But once I started writing a draft of the executive summary at the beginning, it was one less thing to worry about.
I could edit the executive summary as needed and I knew there would be no huge surprises in what other team members had prepared. You need to get your client’s attention right away, and you do that by talking about THEM, not about you.
Sometimes new ideas rose to the top as we worked through the proposal, or early ideas turned out to be impossible to execute due to the client budget or timeline.
I used to leave writing the executive summary to the end, and since inevitably we were always in a time crunch to deliver the proposal to the client, I would feel anxious and rushed to get it done.
Here’s how to write an executive summary that seals the deal.
I have written, edited, or managed the creation of what feels like a gagillion business proposals in my career, and 90% of the time I had a feeling of dread throughout the whole process (this was obviously in the dark ages before Proposify existed).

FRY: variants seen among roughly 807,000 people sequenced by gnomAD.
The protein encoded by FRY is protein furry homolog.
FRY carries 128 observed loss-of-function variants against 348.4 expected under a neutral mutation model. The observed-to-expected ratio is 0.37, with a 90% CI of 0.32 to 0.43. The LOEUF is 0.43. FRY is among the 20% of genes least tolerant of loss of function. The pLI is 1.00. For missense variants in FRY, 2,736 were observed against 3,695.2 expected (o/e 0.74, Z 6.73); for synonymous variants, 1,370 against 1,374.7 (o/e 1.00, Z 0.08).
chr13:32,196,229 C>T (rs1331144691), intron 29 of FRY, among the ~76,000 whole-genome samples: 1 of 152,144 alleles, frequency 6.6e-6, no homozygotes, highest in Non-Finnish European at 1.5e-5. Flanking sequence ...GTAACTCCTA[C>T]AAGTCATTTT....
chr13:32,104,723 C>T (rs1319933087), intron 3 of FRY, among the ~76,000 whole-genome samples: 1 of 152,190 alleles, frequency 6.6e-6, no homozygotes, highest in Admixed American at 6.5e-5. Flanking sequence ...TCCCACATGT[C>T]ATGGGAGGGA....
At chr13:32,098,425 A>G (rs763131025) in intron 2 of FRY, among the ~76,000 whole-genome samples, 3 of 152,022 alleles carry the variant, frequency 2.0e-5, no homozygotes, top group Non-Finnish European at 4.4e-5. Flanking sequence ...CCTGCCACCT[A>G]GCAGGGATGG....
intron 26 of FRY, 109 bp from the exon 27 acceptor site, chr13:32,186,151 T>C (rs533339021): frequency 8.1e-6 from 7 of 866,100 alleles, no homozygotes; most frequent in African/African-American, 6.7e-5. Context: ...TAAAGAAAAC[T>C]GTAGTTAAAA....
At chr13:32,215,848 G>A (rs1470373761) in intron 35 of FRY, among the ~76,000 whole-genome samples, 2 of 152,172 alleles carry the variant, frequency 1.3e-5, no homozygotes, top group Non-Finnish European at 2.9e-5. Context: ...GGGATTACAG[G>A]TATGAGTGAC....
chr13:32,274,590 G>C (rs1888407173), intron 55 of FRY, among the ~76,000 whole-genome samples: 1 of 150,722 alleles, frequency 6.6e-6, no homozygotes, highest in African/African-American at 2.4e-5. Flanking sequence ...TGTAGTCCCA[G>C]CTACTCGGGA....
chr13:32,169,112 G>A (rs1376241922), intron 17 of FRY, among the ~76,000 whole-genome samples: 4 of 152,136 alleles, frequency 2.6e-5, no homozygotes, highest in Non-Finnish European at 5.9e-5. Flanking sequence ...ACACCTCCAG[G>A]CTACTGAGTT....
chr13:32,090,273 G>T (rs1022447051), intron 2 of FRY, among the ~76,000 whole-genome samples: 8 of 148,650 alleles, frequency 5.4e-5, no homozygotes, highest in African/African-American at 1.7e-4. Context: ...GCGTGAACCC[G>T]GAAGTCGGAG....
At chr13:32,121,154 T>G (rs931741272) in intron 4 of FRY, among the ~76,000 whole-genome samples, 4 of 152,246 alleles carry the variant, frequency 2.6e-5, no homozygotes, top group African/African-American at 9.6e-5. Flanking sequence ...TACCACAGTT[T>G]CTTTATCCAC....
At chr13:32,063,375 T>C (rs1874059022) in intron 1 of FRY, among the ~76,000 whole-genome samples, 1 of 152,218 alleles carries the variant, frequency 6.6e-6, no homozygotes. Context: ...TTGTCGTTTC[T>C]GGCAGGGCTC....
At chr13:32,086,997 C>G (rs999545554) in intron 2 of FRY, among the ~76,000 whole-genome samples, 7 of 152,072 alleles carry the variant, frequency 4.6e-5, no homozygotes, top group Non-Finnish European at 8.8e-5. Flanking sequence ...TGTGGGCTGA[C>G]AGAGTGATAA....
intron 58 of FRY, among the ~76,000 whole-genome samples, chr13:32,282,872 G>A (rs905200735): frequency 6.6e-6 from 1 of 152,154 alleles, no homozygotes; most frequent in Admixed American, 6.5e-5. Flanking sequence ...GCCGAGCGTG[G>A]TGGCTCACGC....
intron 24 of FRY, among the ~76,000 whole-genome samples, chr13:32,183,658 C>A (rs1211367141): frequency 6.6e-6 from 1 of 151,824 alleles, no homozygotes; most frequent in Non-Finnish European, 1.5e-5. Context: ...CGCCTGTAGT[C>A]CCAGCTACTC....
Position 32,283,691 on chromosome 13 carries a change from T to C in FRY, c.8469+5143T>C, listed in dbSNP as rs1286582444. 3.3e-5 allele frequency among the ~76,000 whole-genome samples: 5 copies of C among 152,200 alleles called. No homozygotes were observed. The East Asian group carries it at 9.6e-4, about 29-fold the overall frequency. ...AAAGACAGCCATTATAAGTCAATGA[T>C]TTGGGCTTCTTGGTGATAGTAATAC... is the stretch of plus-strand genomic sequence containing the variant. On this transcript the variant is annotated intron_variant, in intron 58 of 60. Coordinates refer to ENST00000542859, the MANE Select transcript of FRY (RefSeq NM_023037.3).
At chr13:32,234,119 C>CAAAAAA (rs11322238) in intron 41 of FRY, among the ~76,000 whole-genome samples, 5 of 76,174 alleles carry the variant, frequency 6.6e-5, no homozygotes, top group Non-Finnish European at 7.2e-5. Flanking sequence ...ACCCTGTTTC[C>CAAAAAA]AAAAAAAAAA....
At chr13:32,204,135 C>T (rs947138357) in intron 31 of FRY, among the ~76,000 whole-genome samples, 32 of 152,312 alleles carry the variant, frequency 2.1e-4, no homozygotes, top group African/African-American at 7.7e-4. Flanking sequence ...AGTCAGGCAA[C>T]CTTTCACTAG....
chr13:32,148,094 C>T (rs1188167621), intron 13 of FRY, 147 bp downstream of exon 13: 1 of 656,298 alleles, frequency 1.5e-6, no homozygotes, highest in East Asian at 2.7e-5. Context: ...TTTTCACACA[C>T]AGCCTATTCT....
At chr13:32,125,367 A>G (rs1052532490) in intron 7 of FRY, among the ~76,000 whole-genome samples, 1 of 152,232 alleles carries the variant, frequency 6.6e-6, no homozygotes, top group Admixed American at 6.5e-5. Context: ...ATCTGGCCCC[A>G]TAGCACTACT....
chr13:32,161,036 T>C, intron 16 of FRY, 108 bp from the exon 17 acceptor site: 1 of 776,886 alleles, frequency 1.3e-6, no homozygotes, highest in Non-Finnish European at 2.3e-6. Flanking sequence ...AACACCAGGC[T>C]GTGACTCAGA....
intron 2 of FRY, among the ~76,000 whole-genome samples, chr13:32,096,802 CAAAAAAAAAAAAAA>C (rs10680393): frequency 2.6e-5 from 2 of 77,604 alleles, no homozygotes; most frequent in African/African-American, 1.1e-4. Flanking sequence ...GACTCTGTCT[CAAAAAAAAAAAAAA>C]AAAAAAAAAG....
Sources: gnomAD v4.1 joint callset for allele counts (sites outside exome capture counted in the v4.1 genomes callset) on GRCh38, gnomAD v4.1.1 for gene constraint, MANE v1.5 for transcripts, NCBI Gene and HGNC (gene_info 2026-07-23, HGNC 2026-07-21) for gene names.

Some people feel you should write the executive summary first because it can help you outline your concept and organize your thoughts for the entire proposal.
That way it acts as a guide to members of your team who are tasked with preparing sections of the proposal, ensuring that everyone’s on the same page, that the big idea is consistent throughout, and that all necessary components are included.
Its purpose is clear, its potential is huge, and putting it together can be straightforward if you change your approach and follow a few simple steps.
I’ll share what I’ve learned about writing an effective executive summary for client proposals.